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Published July 14, 2023 | Version v1
Dataset Open

Hate Speech and Bias against Asians, Blacks, Jews, Latines, and Muslims: A Dataset for Machine Learning and Text Analytics

  • 1. Indiana University Bloomington

Description

### Institute for the Study of Contemporary Antisemitism (ISCA) at Indiana University Dataset on bias against Asians, Blacks, Jews, Latines, and Muslims 

 

The ISCA project compiled this dataset using an annotation portal, which was used to label tweets as either biased or non-biased, among other labels. Note that the annotation was done on live data, including images and context, such as threads. The original data comes from annotationportal.com. They include representative samples of live tweets from the years 2020 and 2021 with the keywords "Asians, Blacks, Jews, Latinos, and Muslims". 

A random sample of 600 tweets per year was drawn for each of the keywords. This includes retweets. Due to a sampling error, the sample for the year 2021 for the keyword "Jews" has only 453 tweets from 2021 and 147 from the first eight months of 2022 and it includes some tweets from the query with the keyword "Israel." The tweets were divided into six samples of 100 tweets, which were then annotated by three to seven students in the class "Researching White Supremacism and Antisemitism on Social Media" taught by Gunther Jikeli, Elisha S. Breton, and Seth Moller at Indiana University in the fall of 2022, see this report. Annotators used a scale from 1 to 5 (confident not biased, probably not biased, don't know, probably biased, confident biased). The definitions of bias against each minority group used for annotation are also included in the report. 

If a tweet called out or denounced bias against the minority in question, it was labeled as "calling out bias."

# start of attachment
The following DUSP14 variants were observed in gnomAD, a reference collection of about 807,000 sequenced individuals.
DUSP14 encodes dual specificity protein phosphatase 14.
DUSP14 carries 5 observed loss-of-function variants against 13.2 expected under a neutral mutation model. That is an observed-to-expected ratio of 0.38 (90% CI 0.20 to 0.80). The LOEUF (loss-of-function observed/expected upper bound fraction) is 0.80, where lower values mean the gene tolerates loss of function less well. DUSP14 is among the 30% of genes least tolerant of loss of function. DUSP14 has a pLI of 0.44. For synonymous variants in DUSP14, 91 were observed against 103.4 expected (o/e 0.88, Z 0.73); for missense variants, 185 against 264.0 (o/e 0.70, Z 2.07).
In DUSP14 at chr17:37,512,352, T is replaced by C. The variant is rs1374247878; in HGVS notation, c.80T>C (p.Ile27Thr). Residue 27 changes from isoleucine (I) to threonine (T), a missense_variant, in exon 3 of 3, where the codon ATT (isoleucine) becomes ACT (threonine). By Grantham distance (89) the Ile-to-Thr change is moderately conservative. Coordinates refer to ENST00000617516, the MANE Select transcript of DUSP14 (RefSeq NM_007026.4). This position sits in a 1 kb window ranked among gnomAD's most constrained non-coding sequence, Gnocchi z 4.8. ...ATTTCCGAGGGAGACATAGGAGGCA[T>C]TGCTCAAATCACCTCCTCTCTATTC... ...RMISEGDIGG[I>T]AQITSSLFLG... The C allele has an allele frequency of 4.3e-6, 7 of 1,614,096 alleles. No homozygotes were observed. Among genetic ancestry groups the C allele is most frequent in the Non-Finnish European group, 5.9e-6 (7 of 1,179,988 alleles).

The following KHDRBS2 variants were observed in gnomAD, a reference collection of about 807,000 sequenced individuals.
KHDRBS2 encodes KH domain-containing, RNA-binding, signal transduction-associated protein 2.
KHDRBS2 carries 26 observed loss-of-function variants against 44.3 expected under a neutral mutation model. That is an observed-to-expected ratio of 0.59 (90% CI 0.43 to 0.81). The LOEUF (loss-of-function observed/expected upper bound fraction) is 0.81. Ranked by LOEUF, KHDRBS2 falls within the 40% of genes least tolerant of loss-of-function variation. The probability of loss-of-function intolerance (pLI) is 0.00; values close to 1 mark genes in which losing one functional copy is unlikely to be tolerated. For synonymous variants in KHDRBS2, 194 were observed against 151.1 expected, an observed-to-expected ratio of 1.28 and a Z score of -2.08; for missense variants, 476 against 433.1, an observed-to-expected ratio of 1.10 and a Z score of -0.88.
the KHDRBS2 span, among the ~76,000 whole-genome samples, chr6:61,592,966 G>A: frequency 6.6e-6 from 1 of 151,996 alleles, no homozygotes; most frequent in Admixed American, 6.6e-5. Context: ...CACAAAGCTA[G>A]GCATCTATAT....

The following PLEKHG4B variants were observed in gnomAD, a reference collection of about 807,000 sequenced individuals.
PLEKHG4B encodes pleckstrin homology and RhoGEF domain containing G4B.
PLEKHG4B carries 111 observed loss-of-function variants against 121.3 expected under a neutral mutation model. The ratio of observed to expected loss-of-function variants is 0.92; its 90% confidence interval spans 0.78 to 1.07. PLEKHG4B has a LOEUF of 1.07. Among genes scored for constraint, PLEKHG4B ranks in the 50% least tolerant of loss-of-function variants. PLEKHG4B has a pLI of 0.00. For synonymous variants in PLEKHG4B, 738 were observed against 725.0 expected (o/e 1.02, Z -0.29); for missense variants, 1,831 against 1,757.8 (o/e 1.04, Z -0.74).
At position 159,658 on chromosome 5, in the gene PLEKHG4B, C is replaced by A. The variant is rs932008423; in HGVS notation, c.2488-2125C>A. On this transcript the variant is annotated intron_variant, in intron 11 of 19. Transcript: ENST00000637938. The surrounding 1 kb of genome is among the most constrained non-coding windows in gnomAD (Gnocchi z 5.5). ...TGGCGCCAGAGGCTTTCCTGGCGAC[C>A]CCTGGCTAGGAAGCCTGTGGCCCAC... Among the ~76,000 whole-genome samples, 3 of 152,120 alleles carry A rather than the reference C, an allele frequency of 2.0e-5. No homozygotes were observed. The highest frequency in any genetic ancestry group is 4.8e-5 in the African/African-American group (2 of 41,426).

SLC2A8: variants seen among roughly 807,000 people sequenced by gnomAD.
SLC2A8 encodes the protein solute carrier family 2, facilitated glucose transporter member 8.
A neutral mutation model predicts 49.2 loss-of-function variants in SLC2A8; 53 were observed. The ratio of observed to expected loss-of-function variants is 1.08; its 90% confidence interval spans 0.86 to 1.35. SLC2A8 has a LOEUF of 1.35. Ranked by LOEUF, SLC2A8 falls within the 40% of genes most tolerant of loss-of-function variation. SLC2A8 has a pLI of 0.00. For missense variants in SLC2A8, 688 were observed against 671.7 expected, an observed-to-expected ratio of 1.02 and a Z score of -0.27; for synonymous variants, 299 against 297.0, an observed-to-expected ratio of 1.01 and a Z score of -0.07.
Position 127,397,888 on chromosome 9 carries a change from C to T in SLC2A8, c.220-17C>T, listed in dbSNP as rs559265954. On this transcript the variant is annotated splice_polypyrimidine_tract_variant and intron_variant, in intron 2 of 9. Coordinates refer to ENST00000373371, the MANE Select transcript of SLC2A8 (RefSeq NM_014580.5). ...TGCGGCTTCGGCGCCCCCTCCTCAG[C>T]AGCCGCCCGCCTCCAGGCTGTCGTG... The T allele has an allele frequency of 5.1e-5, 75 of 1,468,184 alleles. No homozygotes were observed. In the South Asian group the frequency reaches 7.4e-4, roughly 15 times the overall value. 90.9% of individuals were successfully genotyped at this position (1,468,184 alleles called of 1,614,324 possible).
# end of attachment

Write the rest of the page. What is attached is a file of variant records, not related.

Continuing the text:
The labels of whether a tweet is biased or calls out bias are based on a 75% majority vote. We considered "probably biased" and "confident biased" as biased and "confident not biased," "probably not biased," and "don't know" as not biased.  

The types of stereotypes vary widely across the different categories of prejudice. While about a third of all biased tweets were classified as "hate" against the minority, the stereotypes in the tweets often matched common stereotypes about the minority. Asians were blamed for the Covid pandemic. Blacks were seen as inferior and associated with crime. Jews were seen as powerful and held collectively responsible for the actions of the State of Israel. Some tweets denied the Holocaust. Hispanics/Latines were portrayed as being in the country illegally and as "invaders," in addition to stereotypical accusations of being lazy, stupid, or having too many children. Muslims, on the other hand, were often collectively blamed for terrorism and violence, though often in conversations about Muslims in India. 

 

# Content:  
 

This dataset contains 5880 tweets that cover a wide range of topics common in conversations about Asians, Blacks, Jews, Latines, and Muslims. 357 tweets (6.1 %) are labeled as biased and 5523 (93.9 %) are labeled as not biased. 1365 tweets (23.2 %) are labeled as calling out or denouncing bias. 

1180 out of 5880 tweets (20.1 %) contain the keyword "Asians," 590 were posted in 2020 and 590 in 2021. 39 tweets (3.3 %) are biased against Asian people. 370 tweets (31,4 %) call out bias against Asians. 

1160 out of 5880 tweets (19.7%) contain the keyword "Blacks," 578 were posted in 2020 and 582 in 2021. 101 tweets (8.7 %) are biased against Black people. 334 tweets (28.8 %) call out bias against Blacks.